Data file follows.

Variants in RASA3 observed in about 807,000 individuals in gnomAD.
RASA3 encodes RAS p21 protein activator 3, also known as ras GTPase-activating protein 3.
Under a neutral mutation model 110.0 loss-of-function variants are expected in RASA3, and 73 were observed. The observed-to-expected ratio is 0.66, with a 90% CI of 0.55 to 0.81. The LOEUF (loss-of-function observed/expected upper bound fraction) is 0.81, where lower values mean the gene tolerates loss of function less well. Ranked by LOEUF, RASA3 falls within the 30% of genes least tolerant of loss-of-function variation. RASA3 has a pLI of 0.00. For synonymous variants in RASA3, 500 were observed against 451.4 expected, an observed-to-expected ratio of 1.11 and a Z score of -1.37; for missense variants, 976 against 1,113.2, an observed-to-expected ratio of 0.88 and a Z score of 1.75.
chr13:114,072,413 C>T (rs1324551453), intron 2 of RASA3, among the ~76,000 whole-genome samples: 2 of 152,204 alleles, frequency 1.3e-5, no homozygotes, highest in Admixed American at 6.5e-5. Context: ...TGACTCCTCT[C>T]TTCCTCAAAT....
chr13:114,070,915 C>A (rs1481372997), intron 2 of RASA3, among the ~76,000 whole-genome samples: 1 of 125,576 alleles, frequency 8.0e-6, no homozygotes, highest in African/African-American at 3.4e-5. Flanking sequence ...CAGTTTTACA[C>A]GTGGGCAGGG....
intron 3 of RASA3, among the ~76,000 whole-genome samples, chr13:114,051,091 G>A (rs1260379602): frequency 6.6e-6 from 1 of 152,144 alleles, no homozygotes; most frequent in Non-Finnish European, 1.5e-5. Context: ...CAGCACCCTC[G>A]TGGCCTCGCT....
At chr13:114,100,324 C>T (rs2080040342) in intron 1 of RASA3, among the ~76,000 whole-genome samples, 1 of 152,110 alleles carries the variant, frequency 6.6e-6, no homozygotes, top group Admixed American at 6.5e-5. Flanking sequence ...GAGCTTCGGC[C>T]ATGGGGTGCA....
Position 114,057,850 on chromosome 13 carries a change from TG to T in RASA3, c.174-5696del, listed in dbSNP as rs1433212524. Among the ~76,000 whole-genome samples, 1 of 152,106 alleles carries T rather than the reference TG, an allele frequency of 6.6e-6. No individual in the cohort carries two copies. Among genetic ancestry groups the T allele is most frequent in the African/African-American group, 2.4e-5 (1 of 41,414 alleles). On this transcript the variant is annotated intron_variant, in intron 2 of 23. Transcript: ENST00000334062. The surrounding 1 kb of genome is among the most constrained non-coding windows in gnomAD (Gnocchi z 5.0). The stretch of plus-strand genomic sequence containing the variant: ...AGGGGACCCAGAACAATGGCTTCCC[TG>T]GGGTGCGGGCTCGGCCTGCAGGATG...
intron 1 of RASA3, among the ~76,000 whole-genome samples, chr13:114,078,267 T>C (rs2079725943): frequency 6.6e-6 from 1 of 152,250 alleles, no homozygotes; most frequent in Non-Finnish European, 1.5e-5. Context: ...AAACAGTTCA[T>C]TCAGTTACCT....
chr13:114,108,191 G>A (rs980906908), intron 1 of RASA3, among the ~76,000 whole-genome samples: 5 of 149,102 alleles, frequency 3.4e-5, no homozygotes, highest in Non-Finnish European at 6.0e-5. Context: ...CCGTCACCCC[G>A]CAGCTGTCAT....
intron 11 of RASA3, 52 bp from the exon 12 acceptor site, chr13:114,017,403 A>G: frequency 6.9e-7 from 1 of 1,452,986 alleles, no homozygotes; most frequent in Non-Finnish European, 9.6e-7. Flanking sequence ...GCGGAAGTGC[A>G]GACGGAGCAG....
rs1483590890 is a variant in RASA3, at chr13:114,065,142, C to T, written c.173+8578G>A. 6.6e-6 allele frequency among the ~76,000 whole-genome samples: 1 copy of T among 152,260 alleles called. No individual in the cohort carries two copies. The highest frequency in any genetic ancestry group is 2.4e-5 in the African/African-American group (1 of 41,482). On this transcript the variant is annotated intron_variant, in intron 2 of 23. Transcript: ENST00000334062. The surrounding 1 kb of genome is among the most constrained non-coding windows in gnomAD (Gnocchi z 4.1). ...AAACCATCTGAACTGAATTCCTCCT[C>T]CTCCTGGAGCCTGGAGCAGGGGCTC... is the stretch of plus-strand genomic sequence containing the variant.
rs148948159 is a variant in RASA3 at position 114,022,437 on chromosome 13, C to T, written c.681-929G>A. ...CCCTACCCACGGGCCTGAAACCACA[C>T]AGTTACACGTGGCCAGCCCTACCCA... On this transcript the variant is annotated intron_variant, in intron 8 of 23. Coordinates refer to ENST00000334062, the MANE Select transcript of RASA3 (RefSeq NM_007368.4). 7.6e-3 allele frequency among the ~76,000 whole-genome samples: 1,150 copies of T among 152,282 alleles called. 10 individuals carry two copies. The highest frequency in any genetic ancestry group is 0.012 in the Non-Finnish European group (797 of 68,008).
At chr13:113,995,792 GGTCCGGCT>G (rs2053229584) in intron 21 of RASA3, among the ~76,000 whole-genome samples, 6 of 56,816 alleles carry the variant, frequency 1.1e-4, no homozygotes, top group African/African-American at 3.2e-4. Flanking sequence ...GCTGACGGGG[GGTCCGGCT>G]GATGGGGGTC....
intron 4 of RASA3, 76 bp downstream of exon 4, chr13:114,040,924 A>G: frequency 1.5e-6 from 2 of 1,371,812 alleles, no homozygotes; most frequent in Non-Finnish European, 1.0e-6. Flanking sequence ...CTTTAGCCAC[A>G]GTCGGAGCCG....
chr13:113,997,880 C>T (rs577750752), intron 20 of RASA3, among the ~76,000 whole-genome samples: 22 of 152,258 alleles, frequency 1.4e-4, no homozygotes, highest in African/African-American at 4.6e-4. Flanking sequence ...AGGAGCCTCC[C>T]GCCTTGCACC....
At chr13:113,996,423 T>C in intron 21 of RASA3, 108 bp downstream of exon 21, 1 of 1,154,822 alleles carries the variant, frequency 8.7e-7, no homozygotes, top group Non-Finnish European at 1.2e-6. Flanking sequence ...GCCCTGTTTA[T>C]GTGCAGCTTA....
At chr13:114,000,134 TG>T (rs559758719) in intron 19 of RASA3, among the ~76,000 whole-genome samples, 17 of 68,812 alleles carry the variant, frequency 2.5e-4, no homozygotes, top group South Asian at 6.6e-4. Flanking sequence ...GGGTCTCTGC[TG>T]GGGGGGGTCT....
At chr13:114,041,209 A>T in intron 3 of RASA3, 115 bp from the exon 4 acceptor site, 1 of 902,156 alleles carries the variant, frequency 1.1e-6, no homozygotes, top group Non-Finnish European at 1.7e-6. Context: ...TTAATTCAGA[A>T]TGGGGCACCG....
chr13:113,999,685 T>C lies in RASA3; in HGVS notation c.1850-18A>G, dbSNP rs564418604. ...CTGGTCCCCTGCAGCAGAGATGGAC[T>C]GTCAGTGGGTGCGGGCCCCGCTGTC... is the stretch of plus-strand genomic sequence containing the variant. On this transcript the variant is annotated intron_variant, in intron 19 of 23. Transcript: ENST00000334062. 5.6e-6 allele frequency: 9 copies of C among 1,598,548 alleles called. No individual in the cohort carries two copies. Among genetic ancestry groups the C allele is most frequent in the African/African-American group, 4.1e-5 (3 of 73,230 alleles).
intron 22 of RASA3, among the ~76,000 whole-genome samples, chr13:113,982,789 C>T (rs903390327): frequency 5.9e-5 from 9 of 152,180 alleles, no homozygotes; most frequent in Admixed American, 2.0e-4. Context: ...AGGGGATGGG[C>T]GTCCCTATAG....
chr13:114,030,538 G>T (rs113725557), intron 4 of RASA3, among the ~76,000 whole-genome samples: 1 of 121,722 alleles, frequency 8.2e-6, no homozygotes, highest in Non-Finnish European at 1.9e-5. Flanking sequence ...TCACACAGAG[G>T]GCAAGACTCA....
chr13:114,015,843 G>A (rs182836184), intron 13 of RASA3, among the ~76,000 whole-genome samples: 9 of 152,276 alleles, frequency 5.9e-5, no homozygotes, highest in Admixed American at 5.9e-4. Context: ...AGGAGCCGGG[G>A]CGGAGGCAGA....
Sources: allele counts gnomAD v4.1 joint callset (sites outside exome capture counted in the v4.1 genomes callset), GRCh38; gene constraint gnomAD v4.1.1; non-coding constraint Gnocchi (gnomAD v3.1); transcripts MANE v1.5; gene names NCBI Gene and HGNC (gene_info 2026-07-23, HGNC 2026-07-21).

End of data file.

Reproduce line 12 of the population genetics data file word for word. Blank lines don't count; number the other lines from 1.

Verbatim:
rs1483590890 is a variant in RASA3, at chr13:114,065,142, C to T, written c.173+8578G>A. 6.6e-6 allele frequency among the ~76,000 whole-genome samples: 1 copy of T among 152,260 alleles called. No individual in the cohort carries two copies. The highest frequency in any genetic ancestry group is 2.4e-5 in the African/African-American group (1 of 41,482). On this transcript the variant is annotated intron_variant, in intron 2 of 23. Transcript: ENST00000334062. The surrounding 1 kb of genome is among the most constrained non-coding windows in gnomAD (Gnocchi z 4.1). ...AAACCATCTGAACTGAATTCCTCCT[C>T]CTCCTGGAGCCTGGAGCAGGGGCTC... is the stretch of plus-strand genomic sequence containing the variant.